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Eli Lilly v. Natco Pharma

Our Associate, Sandeep Gupta discusses “Eli Lilly v. Natco Pharma”

Recently the Delhi High Court, in Eli Lilly and Company & Anr. v. Natco Pharma Limited & Anr., granted an ad-interim injunction in favour of the plaintiffs restraining the defendants from making commercial use of the plaintiff’s patented drug Abemaciclib.

The plaintiffs alleged that defendants projected and listed itself as a seller/ supplier from India “offering a wide range of Abemaciclib” on the third-party business listing website TradeIndia. As per the plaintiffs such use infringes the claim specification of its patented drug Abemaciclib, which was granted on May 19, 2018. The plaintiffs further contended that they were granted approval by the US FDA in 2017, and by India’s Central Drug Standard Control Organization in 2019 for import and marketing of the Abemaciclib drug.

The counsel for the defendants, appearing on advance notice, argued that neither the defendants nor its employees had put up the e-commerce listing. Counsel further stated that on receipt of the notice for the present lawsuit, the defendants had requested the e-commerce website to takedown the advertisement. The defendants further argued that they are only at the stage of research and development which is protected under Indian patent law. Lastly, the defendants stated that they are willing to provide the plaintiffs with an undertaking stating that as and when the defendants intend to launch the Abemaciclib drug, they will give prior notice to the plaintiffs so that they can approach the court for appropriate relief. In light of this, counsel contended that no injunction should be granted in favour of the plaintiffs at this stage.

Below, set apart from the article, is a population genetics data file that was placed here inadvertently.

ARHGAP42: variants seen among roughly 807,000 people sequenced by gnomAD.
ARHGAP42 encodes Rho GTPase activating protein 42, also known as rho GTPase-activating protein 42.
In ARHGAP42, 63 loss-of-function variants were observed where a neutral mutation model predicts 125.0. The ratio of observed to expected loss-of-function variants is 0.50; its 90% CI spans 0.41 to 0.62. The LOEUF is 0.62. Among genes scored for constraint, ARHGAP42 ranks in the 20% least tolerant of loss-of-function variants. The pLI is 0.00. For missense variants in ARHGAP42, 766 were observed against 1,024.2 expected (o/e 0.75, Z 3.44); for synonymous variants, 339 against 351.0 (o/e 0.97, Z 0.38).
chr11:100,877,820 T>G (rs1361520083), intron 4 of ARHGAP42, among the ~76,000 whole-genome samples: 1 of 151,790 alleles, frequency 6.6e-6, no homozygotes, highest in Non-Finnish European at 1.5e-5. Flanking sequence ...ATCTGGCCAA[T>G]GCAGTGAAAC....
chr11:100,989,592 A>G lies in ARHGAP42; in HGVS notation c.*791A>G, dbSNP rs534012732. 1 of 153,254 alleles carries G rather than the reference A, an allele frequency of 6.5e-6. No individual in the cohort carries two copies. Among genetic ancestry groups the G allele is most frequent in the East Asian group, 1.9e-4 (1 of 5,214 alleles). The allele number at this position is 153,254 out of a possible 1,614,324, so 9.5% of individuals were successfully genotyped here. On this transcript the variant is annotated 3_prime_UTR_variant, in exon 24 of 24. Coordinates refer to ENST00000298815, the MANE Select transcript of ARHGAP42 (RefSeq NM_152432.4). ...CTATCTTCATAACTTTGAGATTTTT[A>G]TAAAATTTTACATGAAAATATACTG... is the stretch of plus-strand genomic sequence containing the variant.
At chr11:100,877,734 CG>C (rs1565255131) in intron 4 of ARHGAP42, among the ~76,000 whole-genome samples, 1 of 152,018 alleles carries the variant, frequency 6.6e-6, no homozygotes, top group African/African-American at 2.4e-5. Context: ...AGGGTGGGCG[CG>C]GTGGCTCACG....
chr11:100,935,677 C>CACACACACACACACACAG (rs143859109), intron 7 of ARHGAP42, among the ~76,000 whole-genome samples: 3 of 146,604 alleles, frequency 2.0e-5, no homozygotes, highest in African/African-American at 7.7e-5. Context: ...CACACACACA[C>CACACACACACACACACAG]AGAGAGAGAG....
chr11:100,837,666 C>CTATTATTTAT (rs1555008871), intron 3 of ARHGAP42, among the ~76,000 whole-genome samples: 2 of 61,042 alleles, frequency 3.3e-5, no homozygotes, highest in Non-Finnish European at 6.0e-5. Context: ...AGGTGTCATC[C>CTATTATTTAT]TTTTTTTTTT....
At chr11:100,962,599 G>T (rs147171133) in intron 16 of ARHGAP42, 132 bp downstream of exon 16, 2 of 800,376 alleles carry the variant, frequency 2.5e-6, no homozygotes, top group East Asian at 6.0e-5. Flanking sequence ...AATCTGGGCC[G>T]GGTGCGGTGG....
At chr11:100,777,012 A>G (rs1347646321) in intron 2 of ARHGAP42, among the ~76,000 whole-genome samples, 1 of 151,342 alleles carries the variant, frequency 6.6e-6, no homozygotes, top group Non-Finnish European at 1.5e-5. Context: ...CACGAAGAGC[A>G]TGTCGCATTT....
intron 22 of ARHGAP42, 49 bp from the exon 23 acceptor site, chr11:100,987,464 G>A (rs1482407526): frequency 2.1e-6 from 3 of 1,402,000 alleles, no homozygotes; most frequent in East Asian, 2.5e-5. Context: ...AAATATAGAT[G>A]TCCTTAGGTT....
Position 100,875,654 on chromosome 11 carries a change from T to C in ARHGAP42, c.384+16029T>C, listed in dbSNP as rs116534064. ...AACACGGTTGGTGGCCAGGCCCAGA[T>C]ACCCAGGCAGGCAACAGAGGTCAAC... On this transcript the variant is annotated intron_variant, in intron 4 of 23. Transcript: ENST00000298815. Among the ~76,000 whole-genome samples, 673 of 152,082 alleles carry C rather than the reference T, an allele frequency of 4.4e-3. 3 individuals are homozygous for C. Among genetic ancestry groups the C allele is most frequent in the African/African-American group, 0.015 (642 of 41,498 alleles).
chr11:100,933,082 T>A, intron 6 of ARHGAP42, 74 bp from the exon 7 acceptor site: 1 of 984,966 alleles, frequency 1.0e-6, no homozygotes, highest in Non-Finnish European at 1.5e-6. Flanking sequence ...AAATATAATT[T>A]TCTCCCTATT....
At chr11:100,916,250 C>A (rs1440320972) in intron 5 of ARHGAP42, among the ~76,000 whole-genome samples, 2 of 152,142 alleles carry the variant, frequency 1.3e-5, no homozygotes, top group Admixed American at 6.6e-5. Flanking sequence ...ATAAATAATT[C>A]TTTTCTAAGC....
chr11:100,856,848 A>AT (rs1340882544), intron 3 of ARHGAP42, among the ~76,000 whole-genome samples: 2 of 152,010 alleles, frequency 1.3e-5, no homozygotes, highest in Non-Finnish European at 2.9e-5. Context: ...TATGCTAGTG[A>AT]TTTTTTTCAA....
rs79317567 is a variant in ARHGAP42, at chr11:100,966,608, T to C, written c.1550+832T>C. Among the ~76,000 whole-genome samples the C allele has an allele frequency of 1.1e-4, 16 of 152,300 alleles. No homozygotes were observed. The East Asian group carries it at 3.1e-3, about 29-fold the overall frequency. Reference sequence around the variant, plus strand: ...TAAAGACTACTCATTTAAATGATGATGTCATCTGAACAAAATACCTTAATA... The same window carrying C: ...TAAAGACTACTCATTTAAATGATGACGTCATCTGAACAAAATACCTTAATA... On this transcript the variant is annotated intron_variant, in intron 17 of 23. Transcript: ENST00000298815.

The plaintiffs countered the arguments of the defendants by informing the court that the defendants were a habitual offender and had provided similar undertakings in other matters also. However, the plaintiffs contended that, the defendants have a habit of dumping large quantities of the infringing medicines in the market and subsequently claiming that the product is now out of their hands. Such conduct, on the part of the defendants, has caused irreparable loss to patent holders.

The Delhi High Court observed that, despite the defendants offering an undertaking, the plaintiffs have made out a prima facie case in their favour. As per the court, since the plaintiffs have made out a prima facie case, an ad-interim injunction cannot be denied solely on the ground that the defendants are offering to provide undertakings. The court further held that not only is a prima facie case made out, the balance of convenience lies in favour of the plaintiffs, who would suffer irreparable loss if an ad-interim injunction is not granted.

Based on the above, the court granted an ad-interim injunction in favour of plaintiffs restraining the defendants from manufacturing and selling the Abemaciclib drug. However, the court also stated that the defendants’ use of the patented Abemaciclib drug for purposes of research and development would not constitute infringement of the plaintiff’s patent since such use is allowed under Indian patent law.

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